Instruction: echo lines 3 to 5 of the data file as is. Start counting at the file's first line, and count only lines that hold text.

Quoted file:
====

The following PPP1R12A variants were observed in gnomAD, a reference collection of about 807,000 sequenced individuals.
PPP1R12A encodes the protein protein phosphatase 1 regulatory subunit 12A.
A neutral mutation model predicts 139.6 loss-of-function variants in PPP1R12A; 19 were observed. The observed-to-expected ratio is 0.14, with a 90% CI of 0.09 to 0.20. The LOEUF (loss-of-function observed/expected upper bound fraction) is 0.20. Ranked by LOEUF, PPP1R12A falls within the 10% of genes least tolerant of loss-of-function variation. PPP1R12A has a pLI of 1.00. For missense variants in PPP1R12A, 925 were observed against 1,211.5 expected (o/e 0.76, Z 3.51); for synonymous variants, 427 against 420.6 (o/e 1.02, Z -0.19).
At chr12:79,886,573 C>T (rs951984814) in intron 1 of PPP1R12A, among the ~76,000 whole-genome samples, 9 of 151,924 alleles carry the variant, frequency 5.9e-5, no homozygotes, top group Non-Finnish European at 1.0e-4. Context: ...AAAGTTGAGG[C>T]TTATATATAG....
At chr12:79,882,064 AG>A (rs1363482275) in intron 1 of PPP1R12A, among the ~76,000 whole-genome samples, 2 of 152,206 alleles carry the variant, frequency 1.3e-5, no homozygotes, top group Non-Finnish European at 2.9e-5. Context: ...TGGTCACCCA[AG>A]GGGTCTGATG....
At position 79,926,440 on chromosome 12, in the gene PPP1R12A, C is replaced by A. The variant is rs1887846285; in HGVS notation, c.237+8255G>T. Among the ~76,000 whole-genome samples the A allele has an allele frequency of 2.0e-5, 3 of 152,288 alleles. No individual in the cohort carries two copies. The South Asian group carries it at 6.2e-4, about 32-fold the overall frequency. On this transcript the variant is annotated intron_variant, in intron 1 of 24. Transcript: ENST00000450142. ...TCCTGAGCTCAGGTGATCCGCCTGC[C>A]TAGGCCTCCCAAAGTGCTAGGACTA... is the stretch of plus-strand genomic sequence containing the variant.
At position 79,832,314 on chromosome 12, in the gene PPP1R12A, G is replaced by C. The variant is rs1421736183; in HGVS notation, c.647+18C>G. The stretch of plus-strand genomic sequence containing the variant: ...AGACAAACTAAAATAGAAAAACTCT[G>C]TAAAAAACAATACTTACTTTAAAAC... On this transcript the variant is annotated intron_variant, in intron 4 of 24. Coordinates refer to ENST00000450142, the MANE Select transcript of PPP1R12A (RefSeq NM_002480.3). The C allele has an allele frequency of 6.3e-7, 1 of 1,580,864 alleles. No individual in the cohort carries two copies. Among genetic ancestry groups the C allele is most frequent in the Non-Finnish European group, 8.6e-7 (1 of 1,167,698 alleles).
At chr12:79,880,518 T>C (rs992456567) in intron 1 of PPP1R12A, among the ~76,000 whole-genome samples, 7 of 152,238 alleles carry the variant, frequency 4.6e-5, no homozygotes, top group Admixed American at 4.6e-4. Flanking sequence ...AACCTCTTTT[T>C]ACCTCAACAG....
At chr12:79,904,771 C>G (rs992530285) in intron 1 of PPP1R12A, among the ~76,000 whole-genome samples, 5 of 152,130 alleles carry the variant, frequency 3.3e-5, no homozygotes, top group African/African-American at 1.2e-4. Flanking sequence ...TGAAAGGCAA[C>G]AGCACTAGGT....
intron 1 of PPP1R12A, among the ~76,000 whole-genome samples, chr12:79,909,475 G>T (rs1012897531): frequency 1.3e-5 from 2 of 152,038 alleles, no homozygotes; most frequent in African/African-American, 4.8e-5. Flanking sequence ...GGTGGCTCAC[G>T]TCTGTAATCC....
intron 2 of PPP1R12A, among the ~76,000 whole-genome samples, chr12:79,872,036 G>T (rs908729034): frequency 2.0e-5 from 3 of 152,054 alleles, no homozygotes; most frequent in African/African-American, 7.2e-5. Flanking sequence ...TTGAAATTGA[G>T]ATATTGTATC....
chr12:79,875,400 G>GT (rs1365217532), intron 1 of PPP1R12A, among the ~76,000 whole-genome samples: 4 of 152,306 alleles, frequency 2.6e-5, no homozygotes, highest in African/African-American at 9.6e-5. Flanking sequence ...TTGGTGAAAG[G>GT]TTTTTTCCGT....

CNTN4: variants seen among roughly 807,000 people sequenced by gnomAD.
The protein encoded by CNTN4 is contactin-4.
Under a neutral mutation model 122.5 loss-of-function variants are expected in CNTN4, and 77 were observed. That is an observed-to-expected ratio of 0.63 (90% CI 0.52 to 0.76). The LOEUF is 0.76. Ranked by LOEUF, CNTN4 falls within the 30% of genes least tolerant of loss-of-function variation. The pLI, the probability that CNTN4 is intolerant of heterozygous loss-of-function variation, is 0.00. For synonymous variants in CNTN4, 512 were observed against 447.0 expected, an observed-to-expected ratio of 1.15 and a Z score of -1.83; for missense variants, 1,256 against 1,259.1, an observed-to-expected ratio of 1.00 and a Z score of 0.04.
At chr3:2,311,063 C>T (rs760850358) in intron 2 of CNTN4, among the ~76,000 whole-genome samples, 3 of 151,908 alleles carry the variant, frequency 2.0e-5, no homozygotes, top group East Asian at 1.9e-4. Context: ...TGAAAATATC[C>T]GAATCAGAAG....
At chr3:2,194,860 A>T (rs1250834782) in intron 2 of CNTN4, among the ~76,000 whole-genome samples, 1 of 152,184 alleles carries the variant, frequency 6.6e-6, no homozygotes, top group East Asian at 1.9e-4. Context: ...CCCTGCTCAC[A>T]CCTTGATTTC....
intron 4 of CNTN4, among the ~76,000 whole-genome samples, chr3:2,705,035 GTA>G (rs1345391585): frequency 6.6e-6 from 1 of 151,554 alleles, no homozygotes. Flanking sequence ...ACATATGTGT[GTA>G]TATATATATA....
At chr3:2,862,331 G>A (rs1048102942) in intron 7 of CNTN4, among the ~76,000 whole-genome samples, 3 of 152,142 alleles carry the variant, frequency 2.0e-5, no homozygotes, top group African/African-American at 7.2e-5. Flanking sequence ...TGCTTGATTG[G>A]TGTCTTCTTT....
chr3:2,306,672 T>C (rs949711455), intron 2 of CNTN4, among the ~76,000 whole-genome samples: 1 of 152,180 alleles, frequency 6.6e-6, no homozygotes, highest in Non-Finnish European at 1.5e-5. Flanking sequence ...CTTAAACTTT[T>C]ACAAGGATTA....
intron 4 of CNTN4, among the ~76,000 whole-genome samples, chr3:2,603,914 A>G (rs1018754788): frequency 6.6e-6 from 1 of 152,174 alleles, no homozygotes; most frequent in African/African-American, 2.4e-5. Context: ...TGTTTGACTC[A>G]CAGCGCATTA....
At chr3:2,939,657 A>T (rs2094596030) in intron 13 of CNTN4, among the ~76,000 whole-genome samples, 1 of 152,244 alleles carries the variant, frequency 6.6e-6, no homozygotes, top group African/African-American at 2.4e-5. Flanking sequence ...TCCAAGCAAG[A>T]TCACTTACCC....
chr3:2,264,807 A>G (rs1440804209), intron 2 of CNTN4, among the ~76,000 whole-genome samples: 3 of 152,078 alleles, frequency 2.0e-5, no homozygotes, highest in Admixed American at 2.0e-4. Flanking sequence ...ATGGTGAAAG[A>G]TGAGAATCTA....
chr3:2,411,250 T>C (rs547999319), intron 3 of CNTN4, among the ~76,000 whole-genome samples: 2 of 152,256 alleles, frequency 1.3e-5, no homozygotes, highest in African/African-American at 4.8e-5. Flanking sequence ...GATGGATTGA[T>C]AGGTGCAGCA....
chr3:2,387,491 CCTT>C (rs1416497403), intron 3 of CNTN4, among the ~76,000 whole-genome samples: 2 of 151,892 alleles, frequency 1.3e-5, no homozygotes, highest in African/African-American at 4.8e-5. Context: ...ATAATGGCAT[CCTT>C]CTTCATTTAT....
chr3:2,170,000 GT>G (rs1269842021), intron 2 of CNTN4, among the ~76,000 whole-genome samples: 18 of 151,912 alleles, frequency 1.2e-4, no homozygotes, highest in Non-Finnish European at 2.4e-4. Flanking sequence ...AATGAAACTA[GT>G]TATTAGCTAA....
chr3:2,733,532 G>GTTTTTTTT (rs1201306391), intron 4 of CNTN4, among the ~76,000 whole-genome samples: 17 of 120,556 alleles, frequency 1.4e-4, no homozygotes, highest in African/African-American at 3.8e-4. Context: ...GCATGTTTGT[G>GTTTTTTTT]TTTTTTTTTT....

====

A neutral mutation model predicts 139.6 loss-of-function variants in PPP1R12A; 19 were observed. The observed-to-expected ratio is 0.14, with a 90% CI of 0.09 to 0.20. The LOEUF (loss-of-function observed/expected upper bound fraction) is 0.20. Ranked by LOEUF, PPP1R12A falls within the 10% of genes least tolerant of loss-of-function variation. PPP1R12A has a pLI of 1.00. For missense variants in PPP1R12A, 925 were observed against 1,211.5 expected (o/e 0.76, Z 3.51); for synonymous variants, 427 against 420.6 (o/e 1.02, Z -0.19).
At chr12:79,886,573 C>T (rs951984814) in intron 1 of PPP1R12A, among the ~76,000 whole-genome samples, 9 of 151,924 alleles carry the variant, frequency 5.9e-5, no homozygotes, top group Non-Finnish European at 1.0e-4. Context: ...AAAGTTGAGG[C>T]TTATATATAG....
At chr12:79,882,064 AG>A (rs1363482275) in intron 1 of PPP1R12A, among the ~76,000 whole-genome samples, 2 of 152,206 alleles carry the variant, frequency 1.3e-5, no homozygotes, top group Non-Finnish European at 2.9e-5. Context: ...TGGTCACCCA[AG>A]GGGTCTGATG....